By Robert Romano
That year, the U.S. consumed about 3.89 trillion kilowatt hours of electricity. It dipped to a low of 3.72 trillion kilowatt hours in 2009 after the financial crisis and now stands at 3.86 trillion kilowatt hours in 2014, according to data compiled by the U.S. Energy Information Administration.
The U.S. is using no more electricity now than in 2007, even though the working age population has expanded by 16 million during that time.
To be sure, residential and commercial electricity consumption have increased slightly from 2.72 trillion kilowatts since 2007 to a combined 2.75 trillion kilowatt hours. The problem is this has been more than offset by a dramatic 7 percent drop in industrial electricity consumption — from 1.03 trillion kilowatt hours in 2007 to 955.5 billion kilowatt hours in 2014 as some production has been moved overseas or just ceased.
This has been a death knell to the U.S. economy. To the extent we’re seeing any growth, it is based entirely off of gains in the working age population, the rate of which has been slowing dramatically since the baby boom ended. In the meantime, the U.S. has been deindustrializing.
In China, by contrast, the economy has expanded dramatically since 2000, and so has its electricity consumption. While many economists tend to doubt China’s published GDP as propaganda — it has averaged 9.72 percent since 2000 — more reliability is pegged to its rate of electricity consumption.
And, well, the electricity consumption rate shows a dramatic expansion has taken place in China, no question, based on a rapid increase in industrial production. But it slowed in 2014, along with its economy. Now, China is experiencing a massive correction.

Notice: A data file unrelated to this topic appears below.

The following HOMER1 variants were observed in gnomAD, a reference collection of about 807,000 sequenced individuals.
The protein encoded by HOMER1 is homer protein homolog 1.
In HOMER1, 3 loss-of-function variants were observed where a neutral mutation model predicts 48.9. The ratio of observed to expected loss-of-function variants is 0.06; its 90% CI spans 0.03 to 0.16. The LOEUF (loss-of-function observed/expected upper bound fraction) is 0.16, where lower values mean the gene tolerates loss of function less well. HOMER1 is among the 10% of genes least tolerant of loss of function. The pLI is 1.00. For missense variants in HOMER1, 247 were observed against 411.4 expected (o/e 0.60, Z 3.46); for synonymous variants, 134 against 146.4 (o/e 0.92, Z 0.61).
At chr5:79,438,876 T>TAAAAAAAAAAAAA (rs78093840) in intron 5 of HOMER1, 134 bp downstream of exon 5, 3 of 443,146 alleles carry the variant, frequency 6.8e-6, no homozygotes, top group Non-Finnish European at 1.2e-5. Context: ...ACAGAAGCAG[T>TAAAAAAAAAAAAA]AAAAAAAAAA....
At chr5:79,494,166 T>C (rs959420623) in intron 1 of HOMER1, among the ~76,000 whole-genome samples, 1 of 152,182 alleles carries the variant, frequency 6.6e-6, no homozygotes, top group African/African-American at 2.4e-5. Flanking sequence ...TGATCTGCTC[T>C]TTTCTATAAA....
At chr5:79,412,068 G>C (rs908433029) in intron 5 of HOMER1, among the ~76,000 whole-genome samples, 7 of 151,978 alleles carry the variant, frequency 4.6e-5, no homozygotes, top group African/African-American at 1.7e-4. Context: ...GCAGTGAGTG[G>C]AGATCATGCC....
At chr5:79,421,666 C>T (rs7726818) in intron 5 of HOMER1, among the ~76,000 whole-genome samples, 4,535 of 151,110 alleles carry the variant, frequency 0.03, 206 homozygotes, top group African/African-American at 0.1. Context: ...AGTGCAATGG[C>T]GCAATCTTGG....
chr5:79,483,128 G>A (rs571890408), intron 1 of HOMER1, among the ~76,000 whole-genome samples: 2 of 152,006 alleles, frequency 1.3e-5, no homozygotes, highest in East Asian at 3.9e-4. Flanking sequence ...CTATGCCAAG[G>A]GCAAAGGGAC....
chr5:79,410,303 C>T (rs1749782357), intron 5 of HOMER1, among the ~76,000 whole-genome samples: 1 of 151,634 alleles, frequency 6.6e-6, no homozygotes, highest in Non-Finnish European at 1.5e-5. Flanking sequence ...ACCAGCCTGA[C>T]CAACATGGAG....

So, why has industrial electricity consumption in the U.S. dropped off so much? Much of it can be attributed to the recession, since industrial consumption bottomed out in 2009 at 917 billion kilowatt hours. By 2011, industrial electricity consumption had recovered some to 991 billion kilowatt hours, but has been dropping ever since.
That might be thanks to the increased costs of doing business in the U.S. due to the Obama Administration’s war on coal, which has reduced the usage of the cheap, reliable energy source.
But for those additional costs, the U.S. economy might have experienced a more robust recovery.
The result is that during the period from 2006 to 2014 – with its 1.29 percent average annual growth rate – we’ve seen the slowest economy since 1930 to 1939, when it averaged 1.33 percent growth a year. This could end up being the worst decade of growth since the GDP was invented in 1934. Even worse than the Great Depression.
And Obama’s Environmental Protection Agency is guaranteeing it. At exactly the time the U.S. needed to increase production in the industrial sector to get its economy back on track after the financial crisis, the EPA was there to make sure it never got moving again.
This guest post is by Robert Romano, senior editor of Americans for Limited Government.